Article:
Map your next adventure
Plan your visit to Onkaparinga River National Park using Google Street View.
If you’re looking to get outside and have a new adventure in the Onkaparinga River National Park, Google Street View will show you the way before you leave home.
Thirty of South Australia’s national parks have been brought to life in Google Maps thanks to a collaboration between Google and the state government.
For five months, Google loaned National Parks and Wildlife Service South Australia a Google Street View Trekker. Rangers wore the high-tech backpack with a built-in 360-degree camera to capture more than 600km of walking trails, park roads, campgrounds and waterways in some of the state’s most picturesque locations.
Google Street View is a great way to inspect the facilities the Onkaparinga River National Park has on offer. The technology is especially helpful for people who need to accommodate accessibility requirements, families with young children travelling on wheels either in a pram or on a bike, and those visiting parks in a group with varying ages and fitness levels among them.
Included in the mapping is Pink Gum Campground, located on the eastern corner of Onkaparinga River National Park near the McLaren Vale wine region, as well as several walking trails and shared use trails for walkers and mountain bike riders.
Pink Gum Campground is the closest campground to Adelaide operated by a national park. The unpowered campsites are flat and made of compacted dirt and gravel, easily accessible by two-wheel drive vehicles. A spacious communal grassy area is shaded by towering pink gum trees, perfect for enjoying a game of cricket.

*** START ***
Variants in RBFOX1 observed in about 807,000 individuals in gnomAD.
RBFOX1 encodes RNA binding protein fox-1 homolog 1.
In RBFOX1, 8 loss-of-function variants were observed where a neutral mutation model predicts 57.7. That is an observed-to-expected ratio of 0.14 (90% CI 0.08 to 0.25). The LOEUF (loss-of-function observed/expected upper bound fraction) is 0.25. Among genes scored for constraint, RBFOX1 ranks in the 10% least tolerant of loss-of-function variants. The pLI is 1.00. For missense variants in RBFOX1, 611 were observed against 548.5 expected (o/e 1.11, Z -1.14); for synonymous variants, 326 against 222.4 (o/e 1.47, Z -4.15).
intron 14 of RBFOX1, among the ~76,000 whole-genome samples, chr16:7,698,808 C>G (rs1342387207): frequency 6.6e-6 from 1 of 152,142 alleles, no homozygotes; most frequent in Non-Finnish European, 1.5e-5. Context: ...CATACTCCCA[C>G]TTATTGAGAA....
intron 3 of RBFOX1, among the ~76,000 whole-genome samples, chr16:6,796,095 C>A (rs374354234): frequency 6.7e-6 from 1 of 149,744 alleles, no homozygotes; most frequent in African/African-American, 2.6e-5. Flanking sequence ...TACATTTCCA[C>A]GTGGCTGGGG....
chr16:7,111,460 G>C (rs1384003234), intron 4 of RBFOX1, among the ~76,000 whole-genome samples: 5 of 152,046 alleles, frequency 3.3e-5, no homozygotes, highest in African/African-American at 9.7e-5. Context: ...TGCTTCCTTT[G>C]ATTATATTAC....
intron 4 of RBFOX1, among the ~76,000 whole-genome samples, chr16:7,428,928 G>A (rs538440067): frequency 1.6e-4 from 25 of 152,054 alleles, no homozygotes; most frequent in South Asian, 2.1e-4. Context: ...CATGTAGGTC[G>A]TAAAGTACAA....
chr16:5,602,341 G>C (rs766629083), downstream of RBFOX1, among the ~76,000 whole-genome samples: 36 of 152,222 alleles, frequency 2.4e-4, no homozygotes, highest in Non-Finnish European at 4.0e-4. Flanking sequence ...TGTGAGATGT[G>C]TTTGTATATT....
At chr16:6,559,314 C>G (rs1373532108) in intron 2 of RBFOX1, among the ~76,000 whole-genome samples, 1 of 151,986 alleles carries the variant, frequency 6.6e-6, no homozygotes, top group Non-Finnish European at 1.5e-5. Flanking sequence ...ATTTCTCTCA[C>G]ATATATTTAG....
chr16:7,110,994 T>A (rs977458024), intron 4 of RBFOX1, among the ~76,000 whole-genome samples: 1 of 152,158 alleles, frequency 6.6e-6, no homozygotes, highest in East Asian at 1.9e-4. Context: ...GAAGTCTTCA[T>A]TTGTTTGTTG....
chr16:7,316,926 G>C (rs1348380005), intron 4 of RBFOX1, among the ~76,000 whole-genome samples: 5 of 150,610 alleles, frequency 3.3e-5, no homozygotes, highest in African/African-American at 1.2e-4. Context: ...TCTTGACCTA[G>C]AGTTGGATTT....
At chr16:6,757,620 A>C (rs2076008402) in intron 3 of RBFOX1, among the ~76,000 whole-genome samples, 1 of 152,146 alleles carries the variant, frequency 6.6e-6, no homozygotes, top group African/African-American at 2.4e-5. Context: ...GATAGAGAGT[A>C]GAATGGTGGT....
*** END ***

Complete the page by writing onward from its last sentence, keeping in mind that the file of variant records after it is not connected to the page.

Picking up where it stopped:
You can book a campsite before you go at parks.sa.gov.au. Be aware of fire restrictions in place at your time of travel via cfs.sa.gov.au. Remember that national parks are dog-free zones, and you must bring your own firewood for wood fires as collecting firewood within national parks is prohibited.
The Onkaparinga River National Park rock climbing zone is popular among those with appropriate training, experience and equipment for rock climbing and abseiling. The view of the gorge from the rock-climbing area is spectacular.
A kayak and canoe launch equipped with steps and a ramp is located nearby the park’s main entrance on Perry’s Bend.
Mountain bike riders can access the shared trails downstream from the campground on the northern side of the gorge. Bushwalkers will enjoy two main trails that depart from the campground.
The River Hike leads down to the gorge and its rock pools, or you can follow the gorge downstream to join one of the many other trails and lookouts.
Heidi Lewis and Amy Moyce look where the path leads to; the spectacular gorge; choose a walking trail that suits you.